Young ghosts and goblins start lining up in the late afternoon for Halloween on State Street in New Ulm. Contributed photo
New Ulm neighborhood goes all out on Oct. 31
Halloween just doesn’t seem to be what it used to be. In years gone by, treats passed out generally consisted of homemade cookies, caramel apples and popcorn balls.
But spoilers of the nontraditional holiday began tampering with the treats. For that reason, as well as the price of candy soaring, homeowners began handing out miniature pieces of wrapped candy purchased from a store.
After that, Halloween just wasn’t as much fun as it had been in the past. So some youths transformed Oct. 31 from a night of fun into a night of juvenile delinquency. Older kids were stealing treats from the younger kids, destroying residential decorations, soaping windows and smashing pumpkins more frequently than previous generations.
And as quick as you could say “Trick or Treat,” the number of homeowners turning off their lights in a subtle protest has dramatically increased over the last two decades.
But don’t tell that to the people living along State Street South in New Ulm. Along Second, Third, Fourth, Fifth and Sixth streets that run parallel to State Street South, homeowners are passing out candy to over 1,000 miniature costumed goblins, ghouls, princesses, Ninja Turtles and others on All Hallow’s Eve.
“We’ve lived here 40 years, and the first few years we passed out candy to maybe 50-100 kids,” said Jan Roeder, who lives on Third Street with her husband, Mike. “Last year, we had over 1,200 kids come to our house.”
Because of the vast number of trick-or-treaters, some homeowners no longer wait indoors and listen to the doorbell ring incessantly. Instead, they’ll sit out in the front lawn along the sidewalk and pass out treats.
And some of them do it in style.
“We bring out our patio furniture, a couple of chairs and a table with some decorations on it, and our cups of coffee,” Jan laughed. “And we have our fire pit lit. If it’s cold, the people love to warm their hands by the fire.”
Many of the homes along this section of town are decorated with lights, mock cemeteries, scarecrows, pumpkins, cobwebs and other items.
The mayor of New Ulm, Bob Beussman, and his wife, Cheryl, live along this route and have music playing at their residence to liven the mood.
“We play Halloween music like Monster Mash and some others,” said Beussman, who resides on Fifth Street. “You’ll see kids and their parents dancing to the music. It’s really a great time.”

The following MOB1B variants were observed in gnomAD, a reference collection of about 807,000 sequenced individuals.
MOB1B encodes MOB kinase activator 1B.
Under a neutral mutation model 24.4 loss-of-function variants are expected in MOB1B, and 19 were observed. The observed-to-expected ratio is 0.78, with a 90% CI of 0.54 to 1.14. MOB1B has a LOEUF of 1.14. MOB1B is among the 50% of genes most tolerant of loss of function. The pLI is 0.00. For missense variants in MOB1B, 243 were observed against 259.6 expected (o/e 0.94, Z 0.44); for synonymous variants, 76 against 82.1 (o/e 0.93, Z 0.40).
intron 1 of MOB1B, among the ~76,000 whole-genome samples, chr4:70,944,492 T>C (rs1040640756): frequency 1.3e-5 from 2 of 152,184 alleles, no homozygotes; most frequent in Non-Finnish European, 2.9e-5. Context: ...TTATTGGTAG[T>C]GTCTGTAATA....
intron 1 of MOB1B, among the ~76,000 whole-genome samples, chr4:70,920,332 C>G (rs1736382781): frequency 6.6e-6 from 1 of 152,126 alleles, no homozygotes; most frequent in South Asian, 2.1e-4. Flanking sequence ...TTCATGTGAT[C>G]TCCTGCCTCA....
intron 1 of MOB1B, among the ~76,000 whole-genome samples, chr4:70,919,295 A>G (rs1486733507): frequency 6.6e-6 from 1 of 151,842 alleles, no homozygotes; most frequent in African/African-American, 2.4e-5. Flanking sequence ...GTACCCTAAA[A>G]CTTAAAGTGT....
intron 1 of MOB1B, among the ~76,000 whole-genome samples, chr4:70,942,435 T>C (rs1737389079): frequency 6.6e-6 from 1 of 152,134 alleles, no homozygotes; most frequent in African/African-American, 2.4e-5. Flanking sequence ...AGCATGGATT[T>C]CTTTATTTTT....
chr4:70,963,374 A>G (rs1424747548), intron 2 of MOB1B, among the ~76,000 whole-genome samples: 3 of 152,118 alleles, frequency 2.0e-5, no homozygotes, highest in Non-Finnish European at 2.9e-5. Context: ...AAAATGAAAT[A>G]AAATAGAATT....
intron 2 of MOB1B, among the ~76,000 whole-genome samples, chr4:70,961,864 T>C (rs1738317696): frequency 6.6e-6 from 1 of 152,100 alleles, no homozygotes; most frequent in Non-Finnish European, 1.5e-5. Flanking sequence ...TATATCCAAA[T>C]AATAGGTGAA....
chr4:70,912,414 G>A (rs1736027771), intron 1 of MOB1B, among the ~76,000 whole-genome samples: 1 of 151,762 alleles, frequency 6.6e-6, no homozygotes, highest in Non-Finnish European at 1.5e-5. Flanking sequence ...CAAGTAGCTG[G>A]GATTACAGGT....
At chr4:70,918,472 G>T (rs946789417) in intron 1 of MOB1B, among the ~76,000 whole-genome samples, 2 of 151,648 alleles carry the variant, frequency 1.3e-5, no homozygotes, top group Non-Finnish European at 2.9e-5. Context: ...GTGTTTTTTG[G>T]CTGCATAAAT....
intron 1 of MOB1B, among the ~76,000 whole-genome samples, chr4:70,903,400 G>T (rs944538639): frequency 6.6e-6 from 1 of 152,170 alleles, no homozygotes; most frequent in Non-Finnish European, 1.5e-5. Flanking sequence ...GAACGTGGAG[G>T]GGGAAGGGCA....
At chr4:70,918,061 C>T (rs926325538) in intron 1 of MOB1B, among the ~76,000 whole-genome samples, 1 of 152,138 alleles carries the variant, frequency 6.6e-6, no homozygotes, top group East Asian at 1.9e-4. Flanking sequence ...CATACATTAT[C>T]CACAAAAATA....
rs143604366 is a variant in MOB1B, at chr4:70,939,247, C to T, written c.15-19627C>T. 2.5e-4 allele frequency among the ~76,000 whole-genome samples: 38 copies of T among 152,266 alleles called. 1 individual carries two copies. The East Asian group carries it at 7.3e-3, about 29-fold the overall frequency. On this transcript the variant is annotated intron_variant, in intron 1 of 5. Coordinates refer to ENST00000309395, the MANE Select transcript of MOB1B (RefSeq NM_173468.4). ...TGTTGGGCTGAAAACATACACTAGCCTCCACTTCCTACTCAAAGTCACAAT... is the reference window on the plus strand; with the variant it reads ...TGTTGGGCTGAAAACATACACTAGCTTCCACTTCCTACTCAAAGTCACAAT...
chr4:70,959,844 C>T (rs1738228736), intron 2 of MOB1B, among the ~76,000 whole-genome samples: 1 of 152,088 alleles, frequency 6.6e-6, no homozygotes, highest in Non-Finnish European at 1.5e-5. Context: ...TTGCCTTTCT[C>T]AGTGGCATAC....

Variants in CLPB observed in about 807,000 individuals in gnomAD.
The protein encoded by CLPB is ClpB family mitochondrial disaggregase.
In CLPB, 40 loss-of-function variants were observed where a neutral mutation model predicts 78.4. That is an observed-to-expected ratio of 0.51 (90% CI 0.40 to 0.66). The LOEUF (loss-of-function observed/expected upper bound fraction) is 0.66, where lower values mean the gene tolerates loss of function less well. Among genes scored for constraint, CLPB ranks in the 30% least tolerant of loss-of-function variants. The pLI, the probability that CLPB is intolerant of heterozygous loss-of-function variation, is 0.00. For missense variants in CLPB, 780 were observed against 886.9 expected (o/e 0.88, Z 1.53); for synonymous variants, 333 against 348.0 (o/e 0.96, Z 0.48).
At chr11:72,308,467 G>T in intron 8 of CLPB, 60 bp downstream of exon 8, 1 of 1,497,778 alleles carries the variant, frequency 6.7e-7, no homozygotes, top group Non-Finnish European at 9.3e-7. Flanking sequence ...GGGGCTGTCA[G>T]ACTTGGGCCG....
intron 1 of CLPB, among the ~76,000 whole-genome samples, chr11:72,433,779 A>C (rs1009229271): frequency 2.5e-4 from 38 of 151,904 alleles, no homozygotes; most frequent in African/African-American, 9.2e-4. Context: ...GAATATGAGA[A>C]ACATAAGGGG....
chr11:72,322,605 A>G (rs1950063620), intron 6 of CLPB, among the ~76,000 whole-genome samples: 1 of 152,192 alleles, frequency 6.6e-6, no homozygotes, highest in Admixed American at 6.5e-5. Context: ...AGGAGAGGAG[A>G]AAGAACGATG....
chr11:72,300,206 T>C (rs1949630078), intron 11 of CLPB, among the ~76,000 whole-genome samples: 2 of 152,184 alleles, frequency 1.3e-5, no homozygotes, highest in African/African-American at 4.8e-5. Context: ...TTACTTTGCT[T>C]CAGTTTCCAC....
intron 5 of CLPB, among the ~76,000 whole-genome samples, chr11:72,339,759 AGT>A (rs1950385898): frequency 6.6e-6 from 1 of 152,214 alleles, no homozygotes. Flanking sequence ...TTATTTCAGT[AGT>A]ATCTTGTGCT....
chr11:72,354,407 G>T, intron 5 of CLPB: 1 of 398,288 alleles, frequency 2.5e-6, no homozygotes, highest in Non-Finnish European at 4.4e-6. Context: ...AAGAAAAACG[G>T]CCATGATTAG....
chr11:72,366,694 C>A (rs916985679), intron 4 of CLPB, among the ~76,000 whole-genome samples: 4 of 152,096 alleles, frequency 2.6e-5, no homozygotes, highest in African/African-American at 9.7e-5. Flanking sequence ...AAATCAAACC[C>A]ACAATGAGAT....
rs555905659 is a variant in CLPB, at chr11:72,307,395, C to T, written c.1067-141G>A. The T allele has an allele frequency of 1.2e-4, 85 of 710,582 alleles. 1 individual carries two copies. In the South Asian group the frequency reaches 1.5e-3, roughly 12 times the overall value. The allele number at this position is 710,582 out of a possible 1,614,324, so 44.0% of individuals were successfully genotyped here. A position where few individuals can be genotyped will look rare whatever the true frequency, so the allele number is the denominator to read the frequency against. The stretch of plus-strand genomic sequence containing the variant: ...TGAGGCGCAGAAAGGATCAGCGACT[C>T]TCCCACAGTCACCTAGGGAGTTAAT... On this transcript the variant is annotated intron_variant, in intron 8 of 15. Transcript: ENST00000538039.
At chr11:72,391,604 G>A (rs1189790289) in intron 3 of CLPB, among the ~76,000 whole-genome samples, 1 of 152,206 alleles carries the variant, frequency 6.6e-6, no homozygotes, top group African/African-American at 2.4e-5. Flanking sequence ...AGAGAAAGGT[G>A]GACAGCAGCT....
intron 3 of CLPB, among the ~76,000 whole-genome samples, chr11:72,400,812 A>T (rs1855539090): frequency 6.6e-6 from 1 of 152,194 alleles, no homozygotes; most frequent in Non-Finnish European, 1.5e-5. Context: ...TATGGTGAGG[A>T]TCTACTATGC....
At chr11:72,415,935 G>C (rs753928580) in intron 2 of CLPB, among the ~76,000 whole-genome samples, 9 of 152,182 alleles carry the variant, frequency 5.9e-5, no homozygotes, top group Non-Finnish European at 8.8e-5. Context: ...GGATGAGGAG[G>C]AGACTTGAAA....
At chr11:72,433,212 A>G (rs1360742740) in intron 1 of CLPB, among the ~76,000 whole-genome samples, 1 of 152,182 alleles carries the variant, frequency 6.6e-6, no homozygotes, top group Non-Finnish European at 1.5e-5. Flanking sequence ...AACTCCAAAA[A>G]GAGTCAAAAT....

And don’t think the adults aren’t into the, pardon the pun, spirit of the occasion. Many of the homeowners, as well as the parents accompanying their children, also dress in costumes. And they seem to be having as much fun as the children; sometimes even more.
“I dressed up as a witch, and Mike was a gorilla last year,” said Jan Roeder. “One kid that came to our house was dressed like a banana and Mike in his gorilla costume chased after him just to be funny. It’s all about having fun.”
Dan Backer as the “Just Take One” guy. Contributed photo
One of the highlights of the outside bash is at a residence where a man nicknamed “Just Take One Guy” resides. Dan Backer, a self-employed disc jockey as a side occupation, dresses in scary mask and a heavy hooded coat, so his true identity isn’t revealed to the trick-or-treaters. Inside his hood is a microphone equipped with a voice modulator to make his voice sound ghoulish.
And, among the things he is known to belt out as the children reach into the bowl, is: “Just Take One!”
“I usually sit real still in a chair and I have a plastic bowl with candy on my lap,” Backer explained. “I have a hole cut in the bottom of the bowl. I’ll put my hand through the bottom, and when the kids reach in to take out a treat, I grab their hand. Most of them jump and scream.”
Dan and his wife, Jeanine, also have Halloween music playing at their home on Fourth Street. And they decorate it with bright-colored lights that Dan uses at his DJ gigs, as well as fog machine. And he stacks leaf bags along both sides of the sidewalk leading up to his house to make it appear more like a spooky tunnel.